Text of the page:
Yes. As a fellow tennis player with carpal tunnel syndrome, I still play quite a bit. However, I would recommend precautions, such as taping/bandaging up the wrist and/or wearing a wrist brace for support. I actually do both, and this has helped me to continue playing tennis.
Yes. Yes, carpal tunnel syndrome results in pain and discomfort from repetitive movements. It does not limit you from any activity, including tennis.
Yes but... If you have carpal tunnel in your serving wrist, playing may worsen the symptoms. You can play, but you may worsen the symptoms and the nerve compression. Even tight gripping with the opposite hand may contribute to more stress and strain on the flexor tendons around the nerve and make symptoms worse there, too. See a hand surgeon if your symptoms are not getting better.
Yes. Tennis does not typically aggravate the symptoms of carpal tunnel syndrome. If you find the symptoms are getting worse after you play I would recommend limiting the amount of tennis.
Yes. Should not be a problem.
My friend had carpal tunnel and has stopped playing tennis, because she thinks the best thing to do is rest it. Are there other things she can do?
Neurology/PT/splint. There are many approaches to the management of median nerve compression. Conservative measures include using a wrist splint and working with physical therapy. Your friend should see a neurologist to help with evaluation and management. Http://www. Nlm. Nih. Gov/medlineplus/carpaltunnelsyndrome. Html.
Carpal tunnel. Symptoms can come and go for a long time until the frequency increases. No one can predict how long that may be but in situations where the episodes of symptoms are increasing in frequency or severity some treatment is needed. Often we think if we stop activity will be better but the benefits are short lived. Wearing a wrap or splint may help. Ice and OTC medications that can be tolerated.
Capral tunnel sports. Jogging, swimming, walking should be ok. She should wear wrist splints at night if the diagnosis is correct. Weight lifting and tennis may make the sensation worse. If the diagnosis is not certain, tendonitis is also possible.
Carpal tunnel. Prolonged wrist flexion can contribute. This in concert with forceful finger flexion may aggravate the contents if the carpal canal and lead to carpal tunnel.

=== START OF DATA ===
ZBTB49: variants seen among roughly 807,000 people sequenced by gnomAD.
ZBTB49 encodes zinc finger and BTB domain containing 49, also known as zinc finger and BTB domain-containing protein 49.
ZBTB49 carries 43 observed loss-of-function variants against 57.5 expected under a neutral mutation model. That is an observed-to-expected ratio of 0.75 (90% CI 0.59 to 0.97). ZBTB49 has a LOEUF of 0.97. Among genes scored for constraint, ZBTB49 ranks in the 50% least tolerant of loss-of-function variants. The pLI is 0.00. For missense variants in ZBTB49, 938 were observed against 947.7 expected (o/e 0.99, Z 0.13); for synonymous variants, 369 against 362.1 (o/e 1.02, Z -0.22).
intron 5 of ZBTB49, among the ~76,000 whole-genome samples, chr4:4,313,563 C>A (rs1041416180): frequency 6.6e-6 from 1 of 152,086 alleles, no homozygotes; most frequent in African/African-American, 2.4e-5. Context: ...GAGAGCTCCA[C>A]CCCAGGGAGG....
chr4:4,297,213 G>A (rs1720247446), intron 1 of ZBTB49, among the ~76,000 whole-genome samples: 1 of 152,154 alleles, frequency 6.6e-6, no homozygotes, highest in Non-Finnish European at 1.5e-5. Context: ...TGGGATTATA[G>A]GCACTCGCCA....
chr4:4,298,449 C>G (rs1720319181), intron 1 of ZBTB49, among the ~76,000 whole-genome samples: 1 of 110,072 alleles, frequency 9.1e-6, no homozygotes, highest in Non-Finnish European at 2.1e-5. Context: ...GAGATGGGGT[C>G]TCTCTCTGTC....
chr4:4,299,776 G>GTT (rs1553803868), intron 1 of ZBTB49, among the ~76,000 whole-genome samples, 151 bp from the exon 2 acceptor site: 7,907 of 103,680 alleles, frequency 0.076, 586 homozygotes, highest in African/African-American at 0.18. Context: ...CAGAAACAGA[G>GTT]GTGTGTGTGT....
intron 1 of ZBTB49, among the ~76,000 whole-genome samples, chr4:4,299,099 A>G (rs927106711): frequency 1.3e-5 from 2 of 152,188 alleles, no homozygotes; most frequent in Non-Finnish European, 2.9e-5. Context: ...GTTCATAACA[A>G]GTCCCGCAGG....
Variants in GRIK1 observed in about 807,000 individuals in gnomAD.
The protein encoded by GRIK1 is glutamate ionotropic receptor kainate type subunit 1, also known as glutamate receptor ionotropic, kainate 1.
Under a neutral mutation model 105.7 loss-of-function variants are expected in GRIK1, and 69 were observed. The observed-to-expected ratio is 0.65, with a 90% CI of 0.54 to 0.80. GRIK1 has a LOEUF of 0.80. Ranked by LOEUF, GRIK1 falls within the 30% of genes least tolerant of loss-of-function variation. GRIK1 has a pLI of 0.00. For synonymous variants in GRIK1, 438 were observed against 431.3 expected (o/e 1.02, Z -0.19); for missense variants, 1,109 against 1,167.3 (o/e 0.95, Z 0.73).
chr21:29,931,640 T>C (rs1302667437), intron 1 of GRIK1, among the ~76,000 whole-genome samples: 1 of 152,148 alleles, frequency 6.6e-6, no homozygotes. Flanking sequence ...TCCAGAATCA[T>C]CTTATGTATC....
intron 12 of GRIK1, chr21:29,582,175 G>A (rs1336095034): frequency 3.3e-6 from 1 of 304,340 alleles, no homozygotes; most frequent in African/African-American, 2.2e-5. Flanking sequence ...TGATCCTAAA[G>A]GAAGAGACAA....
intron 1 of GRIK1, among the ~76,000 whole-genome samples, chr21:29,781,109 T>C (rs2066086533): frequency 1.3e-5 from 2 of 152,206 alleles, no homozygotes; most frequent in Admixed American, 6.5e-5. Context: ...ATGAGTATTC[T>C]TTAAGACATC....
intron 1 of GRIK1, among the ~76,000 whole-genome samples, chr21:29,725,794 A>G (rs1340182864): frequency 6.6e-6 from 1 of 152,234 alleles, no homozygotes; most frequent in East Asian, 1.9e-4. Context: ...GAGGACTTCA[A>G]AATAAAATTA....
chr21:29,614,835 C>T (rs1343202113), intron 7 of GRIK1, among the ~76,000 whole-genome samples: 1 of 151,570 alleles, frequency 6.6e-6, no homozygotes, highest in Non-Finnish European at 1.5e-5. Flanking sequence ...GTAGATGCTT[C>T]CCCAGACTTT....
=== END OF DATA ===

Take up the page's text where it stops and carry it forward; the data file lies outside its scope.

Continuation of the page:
Yes. Anything that causes forceful repetitive tasks with the wrists in an abnormal position can.
Yes. Repetitive use of hands can lead to carpal tunnel syndrome.
Anything is possible. The development of carpal tunnel symptoms include many factors. Genetics is one of them. However, certain activities that require the hand and wrist to be in the flexed position while the tendons are moving within the carpal tunnel can cause irritation of the median nerve (the nerve involved in carpal tunnel syndrome) both directly and indirectly through local swelling.
No. Motion and use do not "prevent" carpal tunnel... And they may not necessarily worsen the symptoms either. Weight control, smoking cessation and good nutrition are important lifestyle issues that can prevent problmes.
No, it cannot. While there are benefits to playing a musical instrument in terms of maintaining flexibility and dexterity of the hands, it does not provide any sort of protection against the development of carpal tunnel.
No. No that is not a tretment for carpal tunnel syndrome.
Unknown. Three interestingly definite answers from my colleagues there. I know of no scientific studies of the question so the real answer is that we don't know. Did you have a particular instrument in mind? Instruments that can be played with a straight wrist will be less likely to aggravate CTS on theoretical grounds.
CTS. Yes. Anything that can lead to flexortenosynovitis (swelling about the flexor tendons) could potentially lead to carpal tunnel syndrome.
Unlikely. Carpal tunnel syndrome is numbness of the median nerve caused by compression of the nerve at the wrist. Most of the time we do not know what is causing the compression. No activity has been proven to actually cause the problem.
Carpal Tunnel Risk. You may be at a greater risk of delevoping carpal tunnel with any frequent, repetitive movement. Some people will go their whole working life with no symptoms of carpal tunnel. While others in less repetitive careers will develop the condition.
Most who play piano. Do not get carpal tunnel. I think it is because most learn proper mechanics and technique. Centruries of piano players have helped refine what I needed to be successful. While one can develop carpal tunnel and be someone who plays piano, piano is likley not the cause.